"Research has shown us time and time again that when people go on fad diets, they tend to not stick with the diet long term and gain the weight back," explains Michelle Saari, MSc, RD, a health and nutrition specialist at Health Canal. "My best advice for someone who is trying to lose weight in a healthy and long-term way is to find foods you love and exercise that you enjoy and can do consistently. Build your meals around protein, healthy fat, and fiber, and you will find yourself full for a longer time which can aid in weight loss."
Saari recommends evaluating any new health plan with the future in mind: "Ask yourself, 'Do I see myself doing this in 10 years? In one year?' If the answer is no, then maybe you need to make some adjustments."
Cutting out entire food groups
Moody points out that one common red flag of fad diets is that they seek to eliminate entire food groups from your eating plan. Though this strategy may work in the short term, she says it can ultimately backfire, leading to weight gain.
"The reason cutting out food groups is a flawed weight loss strategy is because it's not a sustainable way to eat. If you love carbohydrates and are only willing to cut them out of your diet to reach a weight goal, the weight is very likely to come right back when you start eating carbs again. It's not because carbohydrates lead to weight gain, it's because the diet didn't teach you how to balance your meals and control your portions, which is what actually leads to weight loss," she explains.
Losing sleep to exercise
Working out can help you maintain a healthy weight—but you may be undermining the benefits if you have to sacrifice sleep to find the time for it.
"I get it, there are only so many hours in the day, especially for busy professionals," says Moody. "However, robbing yourself of two to three hours of sleep in order to squeeze in your gym sessions is also not the solution. That's because studies have shown people who consistently get less than seven hours of sleep weigh more on average."
Moody explains that this is likely because sleep deprivation increases the levels of your hunger hormone, ghrelin, which causes you to overeat during waking hours. "Getting too little sleep also increases cortisol, your stress hormone, and the more cortisol you have in your system, the more fat your body holds onto, making it much more difficult to burn off even with a sensible diet and exercise program," she notes.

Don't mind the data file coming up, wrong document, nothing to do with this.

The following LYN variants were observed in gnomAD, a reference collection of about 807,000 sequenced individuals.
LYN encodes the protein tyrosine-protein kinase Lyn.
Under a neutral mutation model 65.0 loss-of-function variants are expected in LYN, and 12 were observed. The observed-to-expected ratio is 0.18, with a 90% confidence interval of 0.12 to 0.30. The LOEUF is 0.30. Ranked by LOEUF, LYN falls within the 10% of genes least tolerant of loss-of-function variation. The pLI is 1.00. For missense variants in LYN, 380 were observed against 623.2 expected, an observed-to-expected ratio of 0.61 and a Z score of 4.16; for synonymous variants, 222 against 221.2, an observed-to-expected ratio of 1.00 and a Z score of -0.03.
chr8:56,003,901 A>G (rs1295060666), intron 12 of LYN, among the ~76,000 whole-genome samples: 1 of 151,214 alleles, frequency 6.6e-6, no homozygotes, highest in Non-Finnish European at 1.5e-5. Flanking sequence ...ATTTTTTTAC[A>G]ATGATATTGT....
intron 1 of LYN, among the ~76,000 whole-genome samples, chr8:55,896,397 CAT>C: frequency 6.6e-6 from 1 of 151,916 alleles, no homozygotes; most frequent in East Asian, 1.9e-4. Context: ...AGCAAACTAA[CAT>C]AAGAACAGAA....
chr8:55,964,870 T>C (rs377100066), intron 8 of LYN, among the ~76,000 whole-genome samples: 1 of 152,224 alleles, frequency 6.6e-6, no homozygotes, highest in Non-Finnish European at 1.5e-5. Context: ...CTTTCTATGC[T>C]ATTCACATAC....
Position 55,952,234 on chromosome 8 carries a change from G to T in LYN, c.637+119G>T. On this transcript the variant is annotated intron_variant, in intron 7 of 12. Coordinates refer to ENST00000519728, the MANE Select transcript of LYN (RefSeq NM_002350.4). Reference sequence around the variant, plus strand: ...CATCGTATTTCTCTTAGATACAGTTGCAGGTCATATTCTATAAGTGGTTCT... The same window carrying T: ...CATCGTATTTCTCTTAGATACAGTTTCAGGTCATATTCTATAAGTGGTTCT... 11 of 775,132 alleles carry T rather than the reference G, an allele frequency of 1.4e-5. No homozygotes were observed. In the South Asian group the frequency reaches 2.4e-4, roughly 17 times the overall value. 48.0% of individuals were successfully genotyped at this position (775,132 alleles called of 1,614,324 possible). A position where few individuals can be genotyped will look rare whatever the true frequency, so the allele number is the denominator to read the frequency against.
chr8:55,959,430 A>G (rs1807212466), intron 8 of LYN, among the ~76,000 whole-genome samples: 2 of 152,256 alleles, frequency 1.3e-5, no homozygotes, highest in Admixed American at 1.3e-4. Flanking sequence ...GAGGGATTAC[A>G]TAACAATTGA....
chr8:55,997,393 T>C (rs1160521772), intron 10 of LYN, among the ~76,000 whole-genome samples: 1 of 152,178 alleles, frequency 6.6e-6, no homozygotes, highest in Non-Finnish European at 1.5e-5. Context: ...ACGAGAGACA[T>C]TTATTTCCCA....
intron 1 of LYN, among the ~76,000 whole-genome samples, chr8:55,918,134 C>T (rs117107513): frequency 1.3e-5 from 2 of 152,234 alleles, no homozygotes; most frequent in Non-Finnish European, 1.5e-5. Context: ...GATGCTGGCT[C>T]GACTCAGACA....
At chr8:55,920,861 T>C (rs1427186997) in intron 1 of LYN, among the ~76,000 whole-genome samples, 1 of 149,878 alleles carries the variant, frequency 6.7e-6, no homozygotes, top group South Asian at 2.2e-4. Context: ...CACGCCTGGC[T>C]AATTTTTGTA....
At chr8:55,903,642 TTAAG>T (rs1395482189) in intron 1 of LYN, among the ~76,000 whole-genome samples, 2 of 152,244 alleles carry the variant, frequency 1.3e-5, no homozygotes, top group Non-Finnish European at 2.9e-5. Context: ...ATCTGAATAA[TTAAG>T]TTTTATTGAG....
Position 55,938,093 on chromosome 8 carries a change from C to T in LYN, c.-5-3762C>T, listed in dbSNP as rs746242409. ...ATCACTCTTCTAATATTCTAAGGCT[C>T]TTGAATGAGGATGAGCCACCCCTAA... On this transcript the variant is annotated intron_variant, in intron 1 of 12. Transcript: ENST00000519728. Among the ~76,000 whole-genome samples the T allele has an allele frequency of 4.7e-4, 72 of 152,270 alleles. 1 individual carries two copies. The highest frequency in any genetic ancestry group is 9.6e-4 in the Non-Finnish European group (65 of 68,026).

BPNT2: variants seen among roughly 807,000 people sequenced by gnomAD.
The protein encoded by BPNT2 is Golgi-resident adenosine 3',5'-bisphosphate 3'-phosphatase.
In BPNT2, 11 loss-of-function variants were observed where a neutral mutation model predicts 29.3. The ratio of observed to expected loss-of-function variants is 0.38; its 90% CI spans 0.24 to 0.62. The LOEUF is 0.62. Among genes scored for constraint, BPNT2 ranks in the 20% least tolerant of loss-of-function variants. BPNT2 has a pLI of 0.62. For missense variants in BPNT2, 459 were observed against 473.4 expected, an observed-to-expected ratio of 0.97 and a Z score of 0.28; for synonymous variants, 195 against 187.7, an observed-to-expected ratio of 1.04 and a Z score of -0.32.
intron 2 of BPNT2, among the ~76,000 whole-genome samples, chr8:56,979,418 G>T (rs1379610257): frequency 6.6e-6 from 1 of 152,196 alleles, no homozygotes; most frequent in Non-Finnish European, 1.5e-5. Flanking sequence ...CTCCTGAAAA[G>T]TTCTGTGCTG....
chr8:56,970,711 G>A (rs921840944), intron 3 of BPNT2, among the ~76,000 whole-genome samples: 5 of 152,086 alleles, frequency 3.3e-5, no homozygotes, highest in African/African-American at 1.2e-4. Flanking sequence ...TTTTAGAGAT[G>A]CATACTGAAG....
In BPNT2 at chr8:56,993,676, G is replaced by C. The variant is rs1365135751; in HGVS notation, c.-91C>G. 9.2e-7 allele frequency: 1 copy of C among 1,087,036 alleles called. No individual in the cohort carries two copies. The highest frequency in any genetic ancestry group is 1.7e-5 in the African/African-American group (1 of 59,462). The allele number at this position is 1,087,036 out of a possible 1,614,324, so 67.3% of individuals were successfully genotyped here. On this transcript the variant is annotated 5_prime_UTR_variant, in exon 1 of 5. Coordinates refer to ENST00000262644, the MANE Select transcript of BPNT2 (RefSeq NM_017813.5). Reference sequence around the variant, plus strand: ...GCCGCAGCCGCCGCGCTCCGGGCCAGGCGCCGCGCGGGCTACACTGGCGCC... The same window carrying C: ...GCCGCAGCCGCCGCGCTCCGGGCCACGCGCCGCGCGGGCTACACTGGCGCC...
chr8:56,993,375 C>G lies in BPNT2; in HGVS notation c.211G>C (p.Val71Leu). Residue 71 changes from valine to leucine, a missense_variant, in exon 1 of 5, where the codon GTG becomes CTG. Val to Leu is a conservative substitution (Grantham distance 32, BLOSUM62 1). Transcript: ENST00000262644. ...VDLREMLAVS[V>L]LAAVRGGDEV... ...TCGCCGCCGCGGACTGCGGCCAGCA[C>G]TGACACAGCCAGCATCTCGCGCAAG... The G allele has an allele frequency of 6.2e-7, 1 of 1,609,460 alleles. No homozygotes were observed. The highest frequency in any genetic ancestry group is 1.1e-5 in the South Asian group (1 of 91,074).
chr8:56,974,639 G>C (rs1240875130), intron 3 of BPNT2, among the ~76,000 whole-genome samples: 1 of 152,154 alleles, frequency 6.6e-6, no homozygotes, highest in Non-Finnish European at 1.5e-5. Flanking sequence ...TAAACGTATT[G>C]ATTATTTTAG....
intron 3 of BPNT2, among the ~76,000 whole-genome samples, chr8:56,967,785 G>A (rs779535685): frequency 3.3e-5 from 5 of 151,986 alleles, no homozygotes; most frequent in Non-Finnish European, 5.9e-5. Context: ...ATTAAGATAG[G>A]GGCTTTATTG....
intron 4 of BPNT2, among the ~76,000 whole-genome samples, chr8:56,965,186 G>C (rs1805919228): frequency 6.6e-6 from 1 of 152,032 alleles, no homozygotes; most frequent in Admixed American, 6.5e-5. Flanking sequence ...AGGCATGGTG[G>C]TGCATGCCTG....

RELATED: 6 Best Walking Workouts for Weight Loss.
Restricting to make up for diet slips
Many people think it's healthy to compensate for diet slips by restricting the next day. However, Joanna Wen, a health coach and the founder of Spices and Greens, says that rather than successfully balancing out your mistake, this can set you up for an unhealthy pattern of yo-yo dieting.
"This can lead to a cycle of binging and restricting, which can ultimately lead to weight gain," she says.
Opting for vegan versions of junk food
While you can certainly lose weight on a vegan diet, the experts say that vegan versions of junk food are often still just that—junk.
Moody admits that "amazing things are happening in the world of food science" and many vegan options are worth exploring. However, you should stop short of equating "vegan" with "healthy." Any pre-packaged foods should be viewed with a healthy dose of nutritional scrutiny before you add them to your everyday eating routine.
Drinking diet soda
Diet soda may seem like a healthier alternative to sugar-packed pop, but experts say that these beverages can actually trigger cravings for more sweet flavors. Despite diet sodas being calorie-free, this can ultimately lead to overeating throughout the day.
"Some research suggests that your brain reacts to artificial sweeteners much like it does to sugary sweets," explains the Cleveland Clinic. "Ingesting them frequently may increase your desire for high-calorie foods, putting you at a greater risk of weight gain."
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Best Life offers the most up-to-date information from top experts, new research, and health agencies, but our content is not meant to be a substitute for professional guidance. When it comes to any health questions you have, always consult your healthcare provider directly.